The cost of living is high in this small mountain town of my beloved Colorado.
It can be discouraging at times, such as this, after looking for an affordable rental, researching living options, asking, seeking and still not finding. It can feel frustrating after months of trying and seemingly not getting anywhere. The weary weighs some days. Trying so many paths and hitting dead ends again and again can cause anger to arrive.
This was the state of all my emotions one morning earlier this week after looking at another possible place to call home, and feeling the not possible of it after seeing it.
Discouraged, frustrated, fatigued, I set out to do the errands I’d put off for endless days. I stroll sad into Safeway and load bread and milk into my limp arms. I turn to head for the register and come across my florist friend on the way. Nothing in me feels like stopping to talk with her, but I force my feet to still long enough to pass a few sentences between us.
In the middle of my moody mindset, she asks how I am. Fine, I say. Aren’t we all (pretending)? She asks again, like she really cares to know. Something in her tone causes me to realize she really means it, that how are you? that is authentic, not just the how are you? that really just means hello. So I let her in a little on how I’m discouraged, frustrated, and feel as though I keep hitting brick walls of dead ends in my home search, my car search, and more. Closed doors are all I’ve found. How these big life things seem to be halted, stalled in a long term waiting.
And she listens with caring eyes and then tells me right there by the dog food aisle behind her florist booth that she’s got these big life-job-house troubles of her own, she and her life-man. She tells me more than I expected, more than I felt ready to listen to right there next to her flowers. But her eyes are caring, weary, and carry a sparkle of faith-love. I see her at work in the midst of her struggle, and her way of telling me she sees me, sees my frustrations, is to pour out her own. That we might share each others burdens and say I feel you, I see you. Me too, sister. So I wait and listen as patient as possible.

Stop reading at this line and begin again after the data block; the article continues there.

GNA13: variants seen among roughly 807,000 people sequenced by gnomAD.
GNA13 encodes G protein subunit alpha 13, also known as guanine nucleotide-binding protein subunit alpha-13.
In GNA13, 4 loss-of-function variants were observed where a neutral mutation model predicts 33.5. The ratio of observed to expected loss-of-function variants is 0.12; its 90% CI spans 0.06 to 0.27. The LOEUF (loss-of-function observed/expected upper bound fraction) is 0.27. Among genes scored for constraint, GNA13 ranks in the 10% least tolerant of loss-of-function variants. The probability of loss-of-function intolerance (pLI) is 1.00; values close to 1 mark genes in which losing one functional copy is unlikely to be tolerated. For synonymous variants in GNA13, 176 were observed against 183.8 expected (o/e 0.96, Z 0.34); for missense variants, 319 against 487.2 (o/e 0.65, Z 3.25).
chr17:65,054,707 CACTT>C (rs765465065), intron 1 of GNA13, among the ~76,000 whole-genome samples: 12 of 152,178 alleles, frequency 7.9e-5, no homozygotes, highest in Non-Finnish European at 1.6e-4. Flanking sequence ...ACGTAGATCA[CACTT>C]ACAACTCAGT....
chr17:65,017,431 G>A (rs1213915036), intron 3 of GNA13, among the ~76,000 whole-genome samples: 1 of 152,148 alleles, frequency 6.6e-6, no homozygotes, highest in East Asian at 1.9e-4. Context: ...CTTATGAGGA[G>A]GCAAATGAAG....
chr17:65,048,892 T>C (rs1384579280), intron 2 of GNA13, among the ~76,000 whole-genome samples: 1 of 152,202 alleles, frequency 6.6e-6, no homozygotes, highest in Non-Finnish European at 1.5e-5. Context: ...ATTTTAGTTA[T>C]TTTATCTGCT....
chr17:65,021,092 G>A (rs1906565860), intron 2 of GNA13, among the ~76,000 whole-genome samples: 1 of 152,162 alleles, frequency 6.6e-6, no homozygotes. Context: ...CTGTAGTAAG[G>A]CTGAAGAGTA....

Her gentle voice then suddenly shifts to tell me this new thing, like it’s what I’ve come to Safeway for, instead of the bread and milk I hold in my arms. She gives me bread-words of life.
“I’ve been studying the names of God,” she confides out of thin air, that holy space, “and there’s this one that Hagar uses when she cries out to God in the midst of her pain. It’s El Roi.” She reveals it as this precious secret, a treasure she’s discovered anew. With the faith sparkle in her weary eyes, she hands me those bread-words of life, “It means the God who sees me.”
It was just what my heavy heart craved in that moment of numb nuance. Just to know I wasn’t alone, unseen or unimportant. My friend chose to really see me there, to pause her plant passion to point me to the priceless, powerful Prince who doesn’t just pretend but pours out his humble heart to my hurt, providing the nourishment I need.
I came to gather bread for my body and instead He filled me full with bread for my word-weaned soul.
“Jesus replied, ‘I am the bread of life, whoever comes to me will never be hungry again.'”
He came to me right there in the middle of my busy, weary day in the grocery store and saw me. But the thing with God? He doesn’t just see and walk away. My friend’s words reminded me of another Hebrew name for God, Yahweh-yireh, the God who provides.
I don’t know when his provision of a home or a car will come. But I will take and eat his promise words, the manna for today, and receive the encouragement He brings in despair.
The costs of adulting in this town are high. But then I receive living bread-words from a friend by the flourishing flowers and I think that the blessings, the rewards, they far outweigh the costs. And the weight of God’s glory far outweighs them all.